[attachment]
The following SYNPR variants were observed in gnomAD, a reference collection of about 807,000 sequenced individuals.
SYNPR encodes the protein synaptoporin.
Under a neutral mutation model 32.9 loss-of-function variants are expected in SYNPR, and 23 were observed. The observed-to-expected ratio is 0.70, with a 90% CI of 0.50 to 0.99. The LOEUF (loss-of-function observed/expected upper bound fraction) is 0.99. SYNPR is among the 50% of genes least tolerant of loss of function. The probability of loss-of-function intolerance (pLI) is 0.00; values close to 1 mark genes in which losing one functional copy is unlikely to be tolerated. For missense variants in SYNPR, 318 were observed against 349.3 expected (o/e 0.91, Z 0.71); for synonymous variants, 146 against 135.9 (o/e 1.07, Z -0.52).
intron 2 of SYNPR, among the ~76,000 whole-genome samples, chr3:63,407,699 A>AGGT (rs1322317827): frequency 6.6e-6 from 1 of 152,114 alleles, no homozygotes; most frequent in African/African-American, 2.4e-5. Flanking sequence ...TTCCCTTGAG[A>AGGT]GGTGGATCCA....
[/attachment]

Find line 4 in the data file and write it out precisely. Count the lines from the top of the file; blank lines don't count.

intron 2 of SYNPR, among the ~76,000 whole-genome samples, chr3:63,407,699 A>AGGT (rs1322317827): frequency 6.6e-6 from 1 of 152,114 alleles, no homozygotes; most frequent in African/African-American, 2.4e-5. Flanking sequence ...TTCCCTTGAG[A>AGGT]GGTGGATCCA....